The 116th Congress is a body of firsts: The first Native American Congresswoman, the first two Muslim Congresswomen and the first time members of the House have been this female and racially diverse. And leading the historic group of lawmakers is Nancy Pelosi, the first woman to hold the speaker’s gavel — and hold it twice.
Two current political science students, and one former, along with an expert in American politics at UT reflected on the historic shift and what it means for them, the country and Congress.
“It’s such a barrier-breaking thing, and it really just sets a pathway for other Muslim or middle-eastern women,” said Saraa El Assir, a fourth-year political science major, referencing Representatives Ilhan Omar, the first person to don a headscarf on the House floor, and Rashida Talib of Michigan who wore a Palestinian thobe to her swearing in.
El Assir, who, like Omar, wears a hijab, sat next to her friend Michelle Eid, a student raised in Lebanon pursuing a career in political science. Both young women described what it was like watching a diverse group gain seats in one of the highest law-making bodies in the land.
Eid felt “way more hopeful” after seeing Omar, a Somalian refugee, win her election.
“When I first heard about Ilhan Omar, what I did was I went and I researched her and I was like, wait, she’s like me,” Eid said. “She doesn’t come from a very wealthy background. Her parents don’t own like 20 companies. She didn’t go to Harvard.”
Eid, attending a college in the Midwest and coming from a “not so wealthy family,” could relate; “I’m like wait a second, I’m pretty sure I can [be just as successful].”
Eid and El Assir mentioned photos of the new members on their Twitter feeds; as of late, social media has been flooded with diverse imagery.
Democrat Barbara Lee of California, a long-time African-American member of the House, tweeted a photo with Ayanna Pressley (the first black representative Minnesota sent to the House) and Lauren Underwood (the youngest black woman ever sworn in) and captioned it “First day of a new era” punctuated with a flexed arm emoji and and cartoonish heart eyes.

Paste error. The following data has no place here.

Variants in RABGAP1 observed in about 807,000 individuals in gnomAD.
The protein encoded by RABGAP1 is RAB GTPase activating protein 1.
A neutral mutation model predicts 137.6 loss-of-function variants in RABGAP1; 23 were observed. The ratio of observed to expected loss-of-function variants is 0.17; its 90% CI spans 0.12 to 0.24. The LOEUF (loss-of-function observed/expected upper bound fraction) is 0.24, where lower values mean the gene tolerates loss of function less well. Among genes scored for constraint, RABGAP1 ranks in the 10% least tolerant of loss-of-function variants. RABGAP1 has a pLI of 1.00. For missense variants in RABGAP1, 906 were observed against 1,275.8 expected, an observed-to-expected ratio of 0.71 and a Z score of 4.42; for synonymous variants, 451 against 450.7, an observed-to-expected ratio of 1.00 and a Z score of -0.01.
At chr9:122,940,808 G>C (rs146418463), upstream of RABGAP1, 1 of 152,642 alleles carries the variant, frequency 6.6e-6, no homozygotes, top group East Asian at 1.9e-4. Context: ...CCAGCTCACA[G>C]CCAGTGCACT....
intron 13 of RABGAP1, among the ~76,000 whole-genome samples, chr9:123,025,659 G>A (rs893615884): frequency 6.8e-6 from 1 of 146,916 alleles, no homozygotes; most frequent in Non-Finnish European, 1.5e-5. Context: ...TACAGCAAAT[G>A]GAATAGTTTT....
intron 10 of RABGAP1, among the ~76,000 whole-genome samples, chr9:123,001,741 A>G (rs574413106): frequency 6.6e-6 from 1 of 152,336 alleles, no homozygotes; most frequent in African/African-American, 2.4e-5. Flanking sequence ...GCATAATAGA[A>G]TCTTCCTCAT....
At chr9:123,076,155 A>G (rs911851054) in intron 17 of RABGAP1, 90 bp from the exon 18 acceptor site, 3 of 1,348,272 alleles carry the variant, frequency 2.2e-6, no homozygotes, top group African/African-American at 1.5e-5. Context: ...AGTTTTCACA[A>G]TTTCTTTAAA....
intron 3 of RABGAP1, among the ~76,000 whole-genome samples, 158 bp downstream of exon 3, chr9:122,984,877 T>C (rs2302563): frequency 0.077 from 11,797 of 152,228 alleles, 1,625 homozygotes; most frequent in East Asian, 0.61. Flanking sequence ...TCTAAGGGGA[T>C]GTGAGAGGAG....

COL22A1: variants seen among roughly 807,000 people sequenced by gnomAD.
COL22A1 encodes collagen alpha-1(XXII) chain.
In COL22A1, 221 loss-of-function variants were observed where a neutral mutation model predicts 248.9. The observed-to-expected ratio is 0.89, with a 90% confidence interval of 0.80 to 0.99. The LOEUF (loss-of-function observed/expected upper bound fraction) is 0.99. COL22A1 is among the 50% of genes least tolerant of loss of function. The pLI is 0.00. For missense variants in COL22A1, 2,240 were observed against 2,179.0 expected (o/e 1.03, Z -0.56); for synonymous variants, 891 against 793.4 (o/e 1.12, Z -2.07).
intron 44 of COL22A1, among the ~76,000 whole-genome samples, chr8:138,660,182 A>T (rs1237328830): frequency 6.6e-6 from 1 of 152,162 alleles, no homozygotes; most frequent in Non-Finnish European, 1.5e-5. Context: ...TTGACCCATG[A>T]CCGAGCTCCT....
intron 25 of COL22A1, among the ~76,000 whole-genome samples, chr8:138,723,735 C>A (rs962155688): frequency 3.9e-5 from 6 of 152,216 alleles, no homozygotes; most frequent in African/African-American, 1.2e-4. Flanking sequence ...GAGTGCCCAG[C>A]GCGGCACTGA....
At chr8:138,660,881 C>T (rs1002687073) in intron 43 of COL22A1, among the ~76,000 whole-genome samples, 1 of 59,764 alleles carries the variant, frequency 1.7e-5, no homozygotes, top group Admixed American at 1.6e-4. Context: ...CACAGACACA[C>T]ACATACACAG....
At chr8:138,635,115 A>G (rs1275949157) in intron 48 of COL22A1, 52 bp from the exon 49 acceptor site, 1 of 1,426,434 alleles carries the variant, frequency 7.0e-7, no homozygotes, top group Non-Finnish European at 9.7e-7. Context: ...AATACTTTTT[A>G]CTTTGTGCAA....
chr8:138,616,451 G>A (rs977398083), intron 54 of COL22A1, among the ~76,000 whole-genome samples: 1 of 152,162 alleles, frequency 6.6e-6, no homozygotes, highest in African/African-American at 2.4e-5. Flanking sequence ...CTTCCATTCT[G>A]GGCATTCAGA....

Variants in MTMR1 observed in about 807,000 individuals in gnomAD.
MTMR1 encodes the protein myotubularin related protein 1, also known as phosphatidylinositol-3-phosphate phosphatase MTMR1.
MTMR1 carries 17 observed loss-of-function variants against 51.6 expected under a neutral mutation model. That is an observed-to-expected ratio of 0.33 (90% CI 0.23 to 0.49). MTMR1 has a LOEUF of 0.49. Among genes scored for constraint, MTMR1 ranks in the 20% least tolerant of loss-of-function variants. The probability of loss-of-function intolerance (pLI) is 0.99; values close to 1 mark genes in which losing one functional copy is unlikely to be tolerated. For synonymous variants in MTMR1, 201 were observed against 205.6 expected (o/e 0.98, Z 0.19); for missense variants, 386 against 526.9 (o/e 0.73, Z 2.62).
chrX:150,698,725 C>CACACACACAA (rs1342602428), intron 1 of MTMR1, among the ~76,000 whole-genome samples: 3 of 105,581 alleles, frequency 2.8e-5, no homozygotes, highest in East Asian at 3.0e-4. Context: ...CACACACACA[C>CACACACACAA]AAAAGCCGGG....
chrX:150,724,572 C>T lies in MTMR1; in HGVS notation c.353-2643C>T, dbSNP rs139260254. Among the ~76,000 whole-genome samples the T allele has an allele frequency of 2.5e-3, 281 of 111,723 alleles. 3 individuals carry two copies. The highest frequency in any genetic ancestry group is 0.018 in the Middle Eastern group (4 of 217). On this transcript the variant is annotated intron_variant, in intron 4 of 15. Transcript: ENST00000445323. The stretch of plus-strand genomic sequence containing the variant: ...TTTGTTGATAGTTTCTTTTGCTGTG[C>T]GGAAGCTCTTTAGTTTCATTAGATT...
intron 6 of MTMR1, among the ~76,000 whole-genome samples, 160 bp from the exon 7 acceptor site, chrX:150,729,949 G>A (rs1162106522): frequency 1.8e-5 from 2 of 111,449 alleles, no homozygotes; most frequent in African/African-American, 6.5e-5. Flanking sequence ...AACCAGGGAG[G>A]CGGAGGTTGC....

“To see a [nonwhite] person make it to the top like that…it kind of applies the American Dream to us when it never really did in the past,” El Assir said.
All of the non-white women are Democrats. One look at a side by side picture of newly-elected House members separated by party, underscores the fact that diversity did not cross partisan lines; in the blue there are people of color and scores of women, while in the red, the congressional headshots are largely white and male.
Not withstanding the Republican side, former UT student Sydney Jones, a minority herself — she is black and Korean — expressed a sense of joy surrounding the moment of diversity and femininity in American political history.
Jones, the former president of the College Democrats lives in D.C. and has a full-time job working on Capitol Hill for Ohio Representative Marcy Kaptur.
“Well, first and foremost, it’s just exciting; it’s very exciting to be part of it,” Jones said of working alongside members of the 116th Congress.
“It’s a very emotional thing for me too.” Jones said. “There are a lot of moments, daily, that I find myself kind of stopping and just being like ‘Wow I’m really here, I’m part of this.’ It’s hard for me to articulate how it feels. I walk in there every day, and it just feels like the air is electric.”
She mentioned the new members like Alexandria Ocasio Cortez (or AOC as Jones called her in reference to her Twitter handle), the Instagram-savvy former bartender from the Bronx, and Representative Pressley.
“It means the world to me,” Jones said. “To see so many women elected, and especially women of color, it’s inspiring. Clearly we don’t have enough, but this Congress just gives me hope because this was a win not just for women and for communities of color, but I feel like it’s just progress for the whole country.”
It is both progress and change.
“Every time there’s an election, people are seeking change,” said Renee Heberle, a professor of political science.
In 2016, people were seeking a change, and for some, Donald Trump was that change, she said.
In 2018, the change brought diversity. “The increase in the numbers of women winning not just at the federal level, but also the state level…indicates that,” Heberle said.
To determine whether this moment of diversity is a blip or a trend, Heberle suggests paying attention not only to the candidates elected to office, but also to the “dynamics of recruitment:” the resources available for women and people of color running for office, the major parties’ role in the process and the overall structure of the electoral pipeline.
For Jones, in this moment, the new members are a guide and political role models of sorts. She hopes to run for office one day.
“[The new lawmakers] show that women can do more than just run; they can run, and they can win.”